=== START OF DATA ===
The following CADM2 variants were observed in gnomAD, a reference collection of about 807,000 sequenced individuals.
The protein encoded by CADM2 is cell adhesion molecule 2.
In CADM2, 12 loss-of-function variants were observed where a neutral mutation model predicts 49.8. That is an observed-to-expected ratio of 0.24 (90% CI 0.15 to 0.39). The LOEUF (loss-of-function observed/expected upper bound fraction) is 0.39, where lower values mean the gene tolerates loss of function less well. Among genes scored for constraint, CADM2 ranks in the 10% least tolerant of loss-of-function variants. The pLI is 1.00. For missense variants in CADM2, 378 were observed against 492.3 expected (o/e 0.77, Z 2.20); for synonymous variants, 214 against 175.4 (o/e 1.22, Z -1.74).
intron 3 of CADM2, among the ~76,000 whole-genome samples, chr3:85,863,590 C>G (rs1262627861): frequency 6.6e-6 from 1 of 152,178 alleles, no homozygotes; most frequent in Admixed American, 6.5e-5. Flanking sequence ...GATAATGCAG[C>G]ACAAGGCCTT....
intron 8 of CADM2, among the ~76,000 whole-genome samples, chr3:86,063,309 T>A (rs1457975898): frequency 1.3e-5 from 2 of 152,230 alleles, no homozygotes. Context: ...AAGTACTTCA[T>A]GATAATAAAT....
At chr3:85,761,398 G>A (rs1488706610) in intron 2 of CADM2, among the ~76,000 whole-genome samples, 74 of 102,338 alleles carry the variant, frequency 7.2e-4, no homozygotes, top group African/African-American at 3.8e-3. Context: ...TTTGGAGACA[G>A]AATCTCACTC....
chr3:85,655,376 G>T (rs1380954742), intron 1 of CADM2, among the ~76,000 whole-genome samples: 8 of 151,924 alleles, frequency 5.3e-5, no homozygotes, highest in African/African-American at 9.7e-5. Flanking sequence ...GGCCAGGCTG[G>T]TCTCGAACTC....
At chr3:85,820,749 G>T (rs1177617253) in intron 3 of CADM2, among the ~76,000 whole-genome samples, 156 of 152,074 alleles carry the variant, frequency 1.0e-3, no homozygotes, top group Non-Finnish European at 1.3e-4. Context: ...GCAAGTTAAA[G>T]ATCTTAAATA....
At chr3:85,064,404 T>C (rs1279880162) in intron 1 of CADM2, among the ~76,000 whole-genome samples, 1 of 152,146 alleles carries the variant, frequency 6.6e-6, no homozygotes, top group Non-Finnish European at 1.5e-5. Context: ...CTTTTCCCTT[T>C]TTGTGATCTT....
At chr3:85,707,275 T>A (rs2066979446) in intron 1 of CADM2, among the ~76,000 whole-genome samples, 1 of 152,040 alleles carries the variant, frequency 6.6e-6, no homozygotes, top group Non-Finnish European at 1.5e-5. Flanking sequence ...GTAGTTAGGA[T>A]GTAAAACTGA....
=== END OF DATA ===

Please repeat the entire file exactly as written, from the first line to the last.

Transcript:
The following CADM2 variants were observed in gnomAD, a reference collection of about 807,000 sequenced individuals.
The protein encoded by CADM2 is cell adhesion molecule 2.
In CADM2, 12 loss-of-function variants were observed where a neutral mutation model predicts 49.8. That is an observed-to-expected ratio of 0.24 (90% CI 0.15 to 0.39). The LOEUF (loss-of-function observed/expected upper bound fraction) is 0.39, where lower values mean the gene tolerates loss of function less well. Among genes scored for constraint, CADM2 ranks in the 10% least tolerant of loss-of-function variants. The pLI is 1.00. For missense variants in CADM2, 378 were observed against 492.3 expected (o/e 0.77, Z 2.20); for synonymous variants, 214 against 175.4 (o/e 1.22, Z -1.74).
intron 3 of CADM2, among the ~76,000 whole-genome samples, chr3:85,863,590 C>G (rs1262627861): frequency 6.6e-6 from 1 of 152,178 alleles, no homozygotes; most frequent in Admixed American, 6.5e-5. Flanking sequence ...GATAATGCAG[C>G]ACAAGGCCTT....
intron 8 of CADM2, among the ~76,000 whole-genome samples, chr3:86,063,309 T>A (rs1457975898): frequency 1.3e-5 from 2 of 152,230 alleles, no homozygotes. Context: ...AAGTACTTCA[T>A]GATAATAAAT....
At chr3:85,761,398 G>A (rs1488706610) in intron 2 of CADM2, among the ~76,000 whole-genome samples, 74 of 102,338 alleles carry the variant, frequency 7.2e-4, no homozygotes, top group African/African-American at 3.8e-3. Context: ...TTTGGAGACA[G>A]AATCTCACTC....
chr3:85,655,376 G>T (rs1380954742), intron 1 of CADM2, among the ~76,000 whole-genome samples: 8 of 151,924 alleles, frequency 5.3e-5, no homozygotes, highest in African/African-American at 9.7e-5. Flanking sequence ...GGCCAGGCTG[G>T]TCTCGAACTC....
At chr3:85,820,749 G>T (rs1177617253) in intron 3 of CADM2, among the ~76,000 whole-genome samples, 156 of 152,074 alleles carry the variant, frequency 1.0e-3, no homozygotes, top group Non-Finnish European at 1.3e-4. Context: ...GCAAGTTAAA[G>T]ATCTTAAATA....
At chr3:85,064,404 T>C (rs1279880162) in intron 1 of CADM2, among the ~76,000 whole-genome samples, 1 of 152,146 alleles carries the variant, frequency 6.6e-6, no homozygotes, top group Non-Finnish European at 1.5e-5. Context: ...CTTTTCCCTT[T>C]TTGTGATCTT....
At chr3:85,707,275 T>A (rs2066979446) in intron 1 of CADM2, among the ~76,000 whole-genome samples, 1 of 152,040 alleles carries the variant, frequency 6.6e-6, no homozygotes, top group Non-Finnish European at 1.5e-5. Flanking sequence ...GTAGTTAGGA[T>A]GTAAAACTGA....